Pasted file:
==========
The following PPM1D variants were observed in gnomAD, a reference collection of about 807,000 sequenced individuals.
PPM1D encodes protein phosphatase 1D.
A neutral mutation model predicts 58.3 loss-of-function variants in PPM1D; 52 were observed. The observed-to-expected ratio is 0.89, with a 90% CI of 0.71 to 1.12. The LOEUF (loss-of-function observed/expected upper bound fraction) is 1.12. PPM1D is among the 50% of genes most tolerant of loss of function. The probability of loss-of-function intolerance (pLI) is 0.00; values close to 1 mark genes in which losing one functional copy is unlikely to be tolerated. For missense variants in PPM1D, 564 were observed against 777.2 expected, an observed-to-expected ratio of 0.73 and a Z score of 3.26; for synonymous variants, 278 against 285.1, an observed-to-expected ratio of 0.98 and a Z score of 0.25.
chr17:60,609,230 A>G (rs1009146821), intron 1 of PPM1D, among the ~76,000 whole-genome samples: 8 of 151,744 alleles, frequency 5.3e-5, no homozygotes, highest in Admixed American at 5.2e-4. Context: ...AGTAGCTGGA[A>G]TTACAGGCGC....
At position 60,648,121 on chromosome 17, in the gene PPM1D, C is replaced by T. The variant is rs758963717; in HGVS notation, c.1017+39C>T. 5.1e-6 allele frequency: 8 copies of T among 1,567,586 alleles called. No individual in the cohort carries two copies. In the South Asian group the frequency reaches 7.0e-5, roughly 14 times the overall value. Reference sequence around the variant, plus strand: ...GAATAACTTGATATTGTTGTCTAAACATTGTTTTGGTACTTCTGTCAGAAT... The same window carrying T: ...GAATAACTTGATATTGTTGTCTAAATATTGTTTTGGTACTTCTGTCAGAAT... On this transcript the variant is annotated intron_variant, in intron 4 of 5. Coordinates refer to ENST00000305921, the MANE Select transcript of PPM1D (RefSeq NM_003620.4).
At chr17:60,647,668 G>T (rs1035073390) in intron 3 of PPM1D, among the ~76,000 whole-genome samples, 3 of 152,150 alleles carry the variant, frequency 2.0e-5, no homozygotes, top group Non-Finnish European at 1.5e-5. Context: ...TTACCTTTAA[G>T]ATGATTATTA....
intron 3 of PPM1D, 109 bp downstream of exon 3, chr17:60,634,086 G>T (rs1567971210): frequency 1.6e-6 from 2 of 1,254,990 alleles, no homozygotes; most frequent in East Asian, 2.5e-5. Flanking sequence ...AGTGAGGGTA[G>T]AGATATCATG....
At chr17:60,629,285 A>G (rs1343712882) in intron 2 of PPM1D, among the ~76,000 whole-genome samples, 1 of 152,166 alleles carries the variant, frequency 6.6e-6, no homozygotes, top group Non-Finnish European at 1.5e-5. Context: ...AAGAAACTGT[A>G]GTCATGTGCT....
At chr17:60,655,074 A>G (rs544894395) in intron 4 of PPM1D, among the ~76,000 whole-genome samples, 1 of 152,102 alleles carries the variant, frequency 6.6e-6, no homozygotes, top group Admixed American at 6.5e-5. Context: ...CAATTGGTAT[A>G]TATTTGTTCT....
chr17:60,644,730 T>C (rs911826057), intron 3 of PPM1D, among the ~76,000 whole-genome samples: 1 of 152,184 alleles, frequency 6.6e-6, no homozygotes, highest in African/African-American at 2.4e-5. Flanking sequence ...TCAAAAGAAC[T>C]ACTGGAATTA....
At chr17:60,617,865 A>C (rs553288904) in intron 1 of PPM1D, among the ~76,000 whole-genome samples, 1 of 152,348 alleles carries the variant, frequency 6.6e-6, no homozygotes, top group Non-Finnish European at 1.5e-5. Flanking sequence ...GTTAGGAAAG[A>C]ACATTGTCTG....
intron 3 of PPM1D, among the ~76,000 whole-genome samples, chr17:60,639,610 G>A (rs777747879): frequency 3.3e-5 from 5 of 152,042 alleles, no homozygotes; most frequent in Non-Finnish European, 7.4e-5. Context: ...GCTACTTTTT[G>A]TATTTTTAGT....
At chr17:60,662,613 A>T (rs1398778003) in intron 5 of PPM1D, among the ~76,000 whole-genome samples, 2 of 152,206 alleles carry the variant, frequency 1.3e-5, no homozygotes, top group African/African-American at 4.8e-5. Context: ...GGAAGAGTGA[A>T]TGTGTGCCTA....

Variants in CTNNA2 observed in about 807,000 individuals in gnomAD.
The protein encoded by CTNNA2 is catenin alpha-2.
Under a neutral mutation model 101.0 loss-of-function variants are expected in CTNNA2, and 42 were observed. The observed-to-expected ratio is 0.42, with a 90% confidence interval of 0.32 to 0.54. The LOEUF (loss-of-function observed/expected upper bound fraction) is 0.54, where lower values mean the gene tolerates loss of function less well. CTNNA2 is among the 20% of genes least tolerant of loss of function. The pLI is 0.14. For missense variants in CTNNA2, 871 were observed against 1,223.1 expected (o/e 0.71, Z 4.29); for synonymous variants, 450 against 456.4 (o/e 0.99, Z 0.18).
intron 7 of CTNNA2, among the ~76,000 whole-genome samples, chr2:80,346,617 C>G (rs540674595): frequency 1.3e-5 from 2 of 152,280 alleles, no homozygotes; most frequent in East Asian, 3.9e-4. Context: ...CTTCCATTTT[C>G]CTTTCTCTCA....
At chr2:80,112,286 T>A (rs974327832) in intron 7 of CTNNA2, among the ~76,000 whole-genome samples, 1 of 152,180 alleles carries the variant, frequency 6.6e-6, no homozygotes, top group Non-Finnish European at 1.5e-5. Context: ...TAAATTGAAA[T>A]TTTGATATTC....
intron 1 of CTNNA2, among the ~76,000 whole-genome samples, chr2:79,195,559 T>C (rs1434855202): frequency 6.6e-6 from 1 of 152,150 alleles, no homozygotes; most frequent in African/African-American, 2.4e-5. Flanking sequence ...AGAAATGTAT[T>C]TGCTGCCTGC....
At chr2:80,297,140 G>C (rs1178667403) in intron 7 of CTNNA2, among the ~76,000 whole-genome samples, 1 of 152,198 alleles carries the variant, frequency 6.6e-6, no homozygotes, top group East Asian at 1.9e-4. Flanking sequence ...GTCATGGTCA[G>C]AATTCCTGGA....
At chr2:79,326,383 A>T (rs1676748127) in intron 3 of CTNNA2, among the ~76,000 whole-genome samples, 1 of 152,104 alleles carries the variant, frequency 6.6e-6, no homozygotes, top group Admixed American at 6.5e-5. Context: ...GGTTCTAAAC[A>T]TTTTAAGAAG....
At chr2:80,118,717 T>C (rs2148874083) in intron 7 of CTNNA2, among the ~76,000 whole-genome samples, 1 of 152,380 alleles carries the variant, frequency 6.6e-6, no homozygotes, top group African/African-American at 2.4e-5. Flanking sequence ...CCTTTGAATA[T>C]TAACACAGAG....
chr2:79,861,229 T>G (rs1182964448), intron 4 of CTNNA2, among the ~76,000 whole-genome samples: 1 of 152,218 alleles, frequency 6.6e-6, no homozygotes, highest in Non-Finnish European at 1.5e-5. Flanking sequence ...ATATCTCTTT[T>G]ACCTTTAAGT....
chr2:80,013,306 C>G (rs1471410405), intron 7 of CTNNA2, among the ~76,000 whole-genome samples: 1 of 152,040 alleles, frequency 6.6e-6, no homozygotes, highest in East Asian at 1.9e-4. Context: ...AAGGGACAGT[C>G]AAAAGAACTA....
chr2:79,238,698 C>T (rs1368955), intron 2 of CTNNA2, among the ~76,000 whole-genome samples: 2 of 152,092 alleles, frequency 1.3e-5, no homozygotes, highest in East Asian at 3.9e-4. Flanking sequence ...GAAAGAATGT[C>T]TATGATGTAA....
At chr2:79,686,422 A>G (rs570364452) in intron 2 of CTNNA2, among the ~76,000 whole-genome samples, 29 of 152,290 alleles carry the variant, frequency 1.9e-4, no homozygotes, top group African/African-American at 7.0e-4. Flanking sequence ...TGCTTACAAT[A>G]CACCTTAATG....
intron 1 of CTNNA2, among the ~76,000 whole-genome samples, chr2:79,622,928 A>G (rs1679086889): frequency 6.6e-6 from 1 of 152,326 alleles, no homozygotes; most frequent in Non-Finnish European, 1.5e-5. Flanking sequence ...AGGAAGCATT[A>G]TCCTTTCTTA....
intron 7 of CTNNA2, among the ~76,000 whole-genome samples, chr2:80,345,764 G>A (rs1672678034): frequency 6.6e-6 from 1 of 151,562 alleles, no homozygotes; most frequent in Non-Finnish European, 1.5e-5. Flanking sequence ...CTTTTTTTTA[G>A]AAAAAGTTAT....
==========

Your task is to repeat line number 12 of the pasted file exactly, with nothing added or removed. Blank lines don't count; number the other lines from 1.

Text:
intron 3 of PPM1D, among the ~76,000 whole-genome samples, chr17:60,639,610 G>A (rs777747879): frequency 3.3e-5 from 5 of 152,042 alleles, no homozygotes; most frequent in Non-Finnish European, 7.4e-5. Context: ...GCTACTTTTT[G>A]TATTTTTAGT....